Most children’s hospitals—especially those in major cities—are doing rapid genome sequencing. But it’s difficult to specify exactly how many, simply because medical professionals don’t always share their data. Why? They may be overwhelmed. The rate of change and innovation is phenomenal and the interpretation of data—three billion pieces of information per genome—takes time to effectively interpret. The U.S. also lacks a universal healthcare system such as the NHS in the UK, which leads to siloing of genetic data in each individual healthcare systems’ electronic health record.
Still, I believe the outlook for precision medicine appears to be bright. It simply makes too much sense for pediatric specialists and other medical practitioners to overlook.
In fact, according to market research firm Market.us, the global precision medicine market size was $83.4 billion in 2022, and is projected to reach $254 billion by 2032, realizing a Compound Annual Growth Rate (CAGR) of 12.1% in the forecast period (2023-2032).
According to the report, the factors driving precision medicine’s growth include advances in cancer biologics, the development of new therapeutic techniques such as gene therapy to treat cancer patients who receive predictive diagnostics, key discoveries like single nucleotide Polymorphism (SNP) and microarray/biochips, and overall research on the human genome, which has the potential to transform medical care for individual patients.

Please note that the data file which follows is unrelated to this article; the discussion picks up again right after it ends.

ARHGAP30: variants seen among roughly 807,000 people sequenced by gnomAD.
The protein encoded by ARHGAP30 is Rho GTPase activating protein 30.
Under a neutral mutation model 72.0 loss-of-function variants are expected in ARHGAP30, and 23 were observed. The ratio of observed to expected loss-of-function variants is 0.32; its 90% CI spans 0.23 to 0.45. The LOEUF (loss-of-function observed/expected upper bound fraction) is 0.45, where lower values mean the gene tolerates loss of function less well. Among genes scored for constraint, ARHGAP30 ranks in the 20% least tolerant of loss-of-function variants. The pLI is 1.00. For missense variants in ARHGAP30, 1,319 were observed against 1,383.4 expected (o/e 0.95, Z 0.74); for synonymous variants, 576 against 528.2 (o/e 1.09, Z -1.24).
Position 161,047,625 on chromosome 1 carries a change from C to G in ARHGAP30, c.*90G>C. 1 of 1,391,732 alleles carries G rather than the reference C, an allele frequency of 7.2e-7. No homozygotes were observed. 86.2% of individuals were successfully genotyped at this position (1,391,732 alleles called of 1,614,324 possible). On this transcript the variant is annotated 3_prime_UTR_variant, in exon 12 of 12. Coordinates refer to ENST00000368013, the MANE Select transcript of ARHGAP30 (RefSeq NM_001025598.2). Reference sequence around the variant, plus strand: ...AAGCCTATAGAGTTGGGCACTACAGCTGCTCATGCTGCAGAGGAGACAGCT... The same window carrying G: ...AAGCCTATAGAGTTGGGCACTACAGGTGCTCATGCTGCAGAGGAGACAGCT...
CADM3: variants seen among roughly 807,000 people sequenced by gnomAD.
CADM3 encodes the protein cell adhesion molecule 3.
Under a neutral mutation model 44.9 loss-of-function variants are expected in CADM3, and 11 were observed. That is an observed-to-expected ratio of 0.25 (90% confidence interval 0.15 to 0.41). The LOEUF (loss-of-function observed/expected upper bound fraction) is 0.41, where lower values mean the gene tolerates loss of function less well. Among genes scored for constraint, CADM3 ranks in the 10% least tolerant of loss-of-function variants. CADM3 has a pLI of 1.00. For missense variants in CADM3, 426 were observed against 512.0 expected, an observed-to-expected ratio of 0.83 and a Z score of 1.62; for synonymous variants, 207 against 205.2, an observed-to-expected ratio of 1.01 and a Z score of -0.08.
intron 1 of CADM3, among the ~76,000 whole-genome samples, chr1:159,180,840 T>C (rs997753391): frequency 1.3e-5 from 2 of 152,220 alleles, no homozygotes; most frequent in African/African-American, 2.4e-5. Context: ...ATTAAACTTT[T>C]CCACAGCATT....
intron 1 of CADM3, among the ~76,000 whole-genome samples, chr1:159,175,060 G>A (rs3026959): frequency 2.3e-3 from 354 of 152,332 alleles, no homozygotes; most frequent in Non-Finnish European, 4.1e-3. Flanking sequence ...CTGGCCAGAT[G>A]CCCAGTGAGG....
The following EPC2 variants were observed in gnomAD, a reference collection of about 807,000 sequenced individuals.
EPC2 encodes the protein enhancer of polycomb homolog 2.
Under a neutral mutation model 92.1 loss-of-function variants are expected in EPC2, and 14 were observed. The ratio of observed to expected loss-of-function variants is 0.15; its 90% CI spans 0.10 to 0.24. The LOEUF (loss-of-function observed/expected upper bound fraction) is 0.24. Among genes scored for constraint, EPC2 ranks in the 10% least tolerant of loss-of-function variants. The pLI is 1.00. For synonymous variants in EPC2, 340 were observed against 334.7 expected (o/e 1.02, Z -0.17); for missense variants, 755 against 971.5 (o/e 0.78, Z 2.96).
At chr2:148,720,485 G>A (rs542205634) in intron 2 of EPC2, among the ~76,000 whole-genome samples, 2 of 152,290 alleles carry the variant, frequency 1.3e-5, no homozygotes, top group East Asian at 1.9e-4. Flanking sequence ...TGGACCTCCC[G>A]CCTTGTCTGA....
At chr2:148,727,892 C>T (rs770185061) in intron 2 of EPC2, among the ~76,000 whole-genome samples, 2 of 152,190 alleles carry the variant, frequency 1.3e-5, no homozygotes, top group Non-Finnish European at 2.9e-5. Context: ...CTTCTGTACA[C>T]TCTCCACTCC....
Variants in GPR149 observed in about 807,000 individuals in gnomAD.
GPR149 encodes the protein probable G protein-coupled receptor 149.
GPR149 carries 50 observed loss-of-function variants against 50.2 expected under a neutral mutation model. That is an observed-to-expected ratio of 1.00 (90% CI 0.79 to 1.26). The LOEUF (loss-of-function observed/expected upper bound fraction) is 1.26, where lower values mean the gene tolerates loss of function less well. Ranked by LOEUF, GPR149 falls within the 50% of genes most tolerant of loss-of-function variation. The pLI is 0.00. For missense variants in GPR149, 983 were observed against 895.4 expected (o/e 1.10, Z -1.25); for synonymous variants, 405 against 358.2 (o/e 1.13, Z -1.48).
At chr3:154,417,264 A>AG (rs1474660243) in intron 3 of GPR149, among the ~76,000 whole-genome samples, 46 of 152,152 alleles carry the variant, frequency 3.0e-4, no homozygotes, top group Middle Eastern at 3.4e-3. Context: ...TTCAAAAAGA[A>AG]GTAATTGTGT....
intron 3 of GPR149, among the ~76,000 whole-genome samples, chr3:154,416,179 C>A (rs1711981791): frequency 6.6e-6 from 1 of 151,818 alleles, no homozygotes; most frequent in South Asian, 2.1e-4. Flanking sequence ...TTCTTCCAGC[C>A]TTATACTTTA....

Of course, AI will also be key growth driver, thanks to its ability to help laboratories interpret vast amounts of clinical genomic data with greater accuracy and with fewer errors.
Geographically, while North America and Western Europe currently account for more than 62% of market share in the practice of precision medicine revenue, the Asia-Pacific region is “expected to grow at a greater pace among all the regions” by 2032, according to the research report.
One of the watershed moments in the rise of precision medicine was a joint effort among five children’s hospitals around California–including Valley Children’s Hospital in Madera, California, where I practice– called “Project Baby Bear.” The project proved how effective rapid genome sequencing is at getting a diagnosis for patients in pediatric or neonatal intensive care units, determining what the outcomes were, and revealing the financial impact of the diagnosis on the healthcare system.